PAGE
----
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A Leadership Quest for MBAs

By Conrad Viedge – 

As a business school, our aim is to improve the prospects of our students. One means of doing so is to help them become great business leaders. There can be no doubt that leaders of organisations have an incredible influence on both the results of organisations and the well-being of the employees of the organisation.

Business leadership is one of the topics that has more written about it than virtually any other topic yet there is very little in the way of simple advice to aspirant leaders on what they should do to lead effectively. We, at the Wits Business School, face the challenge of how we help our bright and ambitious MBA students to become the best leaders they are capable of becoming. We soon realised that it was not going to happen through nine weeks of lectures on leadership. Our approach was to adopt an independent study project that would challenge each student to discover the leader they want to become and to then set in place a roadmap of how to become this leader; this we entitle the Leadership Quest.

The starting point of the Quest is to search the established literature for insights into a leadership approach which resonates with the individual’s own values and beliefs. In this sense, the student is challenged to conceptualise successful leadership in their image drawing on their self-insight and of course the established wisdom in the literature; this means that students may come to different conclusions regarding the leader they want to become. This stage of the LQ answers one of the five questions put forward by Goleman, Boyatzis and McKee (2001) in their article on Primal Leadership, namely “Who do I want to be?”.

Head, Heart and Hands
A further aid to structuring an approach to leadership is the Head, Heart, and Hands model which requires the leader to categorise their ideal leader in terms of Head, the direction that one must set for one’s followers, providing clarity of purpose for everyone and also setting performance expectations; this is the thinking component of leadership.

Heart, simply put, is what the leader must do to keep people on their side and willing to perform; this touches on the field of employee engagement.

Hands: how to get followers to deliver on time and up to standard. At the macro level this is about culture and systems and at the micro level it is about setting deadlines, follow-up and feedback.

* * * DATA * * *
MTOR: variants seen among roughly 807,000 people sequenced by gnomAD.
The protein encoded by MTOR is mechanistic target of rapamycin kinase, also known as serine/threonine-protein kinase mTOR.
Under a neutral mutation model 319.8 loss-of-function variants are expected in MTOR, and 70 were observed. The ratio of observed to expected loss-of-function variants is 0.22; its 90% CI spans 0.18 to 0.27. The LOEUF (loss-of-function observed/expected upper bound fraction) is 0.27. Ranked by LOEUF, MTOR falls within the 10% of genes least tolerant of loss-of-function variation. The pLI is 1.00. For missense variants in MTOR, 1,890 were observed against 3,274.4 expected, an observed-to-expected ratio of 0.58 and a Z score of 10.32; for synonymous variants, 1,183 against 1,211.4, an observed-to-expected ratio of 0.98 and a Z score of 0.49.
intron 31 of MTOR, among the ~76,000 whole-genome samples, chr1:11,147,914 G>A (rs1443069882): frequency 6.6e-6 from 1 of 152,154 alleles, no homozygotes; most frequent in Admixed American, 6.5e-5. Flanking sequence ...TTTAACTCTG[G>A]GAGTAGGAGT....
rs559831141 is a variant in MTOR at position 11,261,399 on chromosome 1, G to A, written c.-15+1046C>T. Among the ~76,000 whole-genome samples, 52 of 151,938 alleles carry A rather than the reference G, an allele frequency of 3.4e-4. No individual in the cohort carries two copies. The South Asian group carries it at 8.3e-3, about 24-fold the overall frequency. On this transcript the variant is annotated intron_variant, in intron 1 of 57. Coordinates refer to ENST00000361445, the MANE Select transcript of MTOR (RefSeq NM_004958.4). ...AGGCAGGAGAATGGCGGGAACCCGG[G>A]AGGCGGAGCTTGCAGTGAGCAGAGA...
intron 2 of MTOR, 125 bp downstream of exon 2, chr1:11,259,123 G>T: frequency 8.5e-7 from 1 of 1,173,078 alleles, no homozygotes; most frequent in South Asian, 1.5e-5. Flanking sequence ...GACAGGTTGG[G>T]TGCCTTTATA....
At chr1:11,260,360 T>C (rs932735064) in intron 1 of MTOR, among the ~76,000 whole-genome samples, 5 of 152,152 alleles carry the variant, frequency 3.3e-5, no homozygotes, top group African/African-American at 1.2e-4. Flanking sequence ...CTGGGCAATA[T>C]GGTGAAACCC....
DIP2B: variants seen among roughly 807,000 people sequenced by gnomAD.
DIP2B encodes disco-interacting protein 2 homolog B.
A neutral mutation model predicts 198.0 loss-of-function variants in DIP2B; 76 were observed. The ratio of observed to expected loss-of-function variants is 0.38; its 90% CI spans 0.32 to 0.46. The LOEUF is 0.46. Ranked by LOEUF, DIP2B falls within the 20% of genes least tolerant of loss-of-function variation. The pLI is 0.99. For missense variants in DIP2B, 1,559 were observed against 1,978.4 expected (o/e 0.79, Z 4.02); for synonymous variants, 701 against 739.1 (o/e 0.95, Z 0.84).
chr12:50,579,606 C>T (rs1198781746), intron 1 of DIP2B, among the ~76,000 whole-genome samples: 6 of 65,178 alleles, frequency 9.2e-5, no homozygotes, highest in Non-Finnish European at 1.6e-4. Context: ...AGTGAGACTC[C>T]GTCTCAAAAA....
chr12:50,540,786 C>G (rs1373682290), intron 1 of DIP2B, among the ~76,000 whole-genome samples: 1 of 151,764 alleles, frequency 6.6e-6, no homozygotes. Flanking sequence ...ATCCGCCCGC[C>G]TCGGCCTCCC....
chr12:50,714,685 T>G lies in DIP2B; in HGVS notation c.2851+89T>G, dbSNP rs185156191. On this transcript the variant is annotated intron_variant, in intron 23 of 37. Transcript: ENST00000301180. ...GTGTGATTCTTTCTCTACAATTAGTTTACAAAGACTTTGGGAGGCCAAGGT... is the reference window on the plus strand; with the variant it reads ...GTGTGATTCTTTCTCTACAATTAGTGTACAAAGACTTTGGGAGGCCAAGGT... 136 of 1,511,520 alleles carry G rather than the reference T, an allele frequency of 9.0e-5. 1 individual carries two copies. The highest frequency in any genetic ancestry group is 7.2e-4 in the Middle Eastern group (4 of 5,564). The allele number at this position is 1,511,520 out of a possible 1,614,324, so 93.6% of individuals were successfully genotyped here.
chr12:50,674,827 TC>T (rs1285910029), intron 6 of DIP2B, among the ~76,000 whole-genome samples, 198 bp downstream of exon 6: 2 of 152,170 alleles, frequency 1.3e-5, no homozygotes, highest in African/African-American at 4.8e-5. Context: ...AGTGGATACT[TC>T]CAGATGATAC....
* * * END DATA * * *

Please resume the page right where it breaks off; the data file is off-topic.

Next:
This simple categorisation assists leaders to think through how they can balance these three elements to have willing followers who produce stunning results. It happens that some leaders are brilliant at working out how to win in the marketplace (Head) but lack the capacity to liberate the potential of people so that they deliver willingly and effectively (Heart) on the recipe for making money.

The second stage of Leadership Quest is to respond to the question “Who am I now?”. The answer to this question can only be achieved with good self-awareness. Here the students are encouraged to reflect and use the feedback received either formally at work or informally from their colleagues to form a realistic view of who they are, and what are their strengths, weaknesses and aspirations.

With these two stages in place it is logical to move then to the next stage “How do I get from here to there?”. Once again the students are challenged to search the internet and other resources to find answers to this, including the thorny question of how do I change my habits: this will take them on a journey where they will discover a wealth of literature on the fallacy of willpower, models of intentional change and relapse prevention. The acid test for students in this section is whether their roadmap is practical and believable.

The last two stages of the Quest are “Who can help me?” and “How do I make it stick?”. All too often personal change is short-lived. Therefore, these final steps are vital to ensure that the change that is initiated is embedded and becomes a way of life.

One student asked “Why should we do this exercise?”. The answer must be that if you are not going to question yourself about how you become a great leader when you are studying towards an MBA, when will you ever do it? The MBA has been described as a pressure cooker and this stimulating, pressured environment is an ideal setting for students to step back and ask themselves what really matters and what my contribution should be?

We believe that the Leadership Quest is one of our integrating processes that assists students to pull together all the new knowledge they have gained and to then seek solutions in their quest to become great, ethical and worthwhile business leaders. A noble quest, indeed.

Reference
Goleman, D., Boyatzis, R., & McKee, A. (2001). Primal leadership: The hidden driver of great performance. Harvard Business Review, 79(11), 42-53.
 
Conrad Viedge is the MBA Director, at the Wits Business School.

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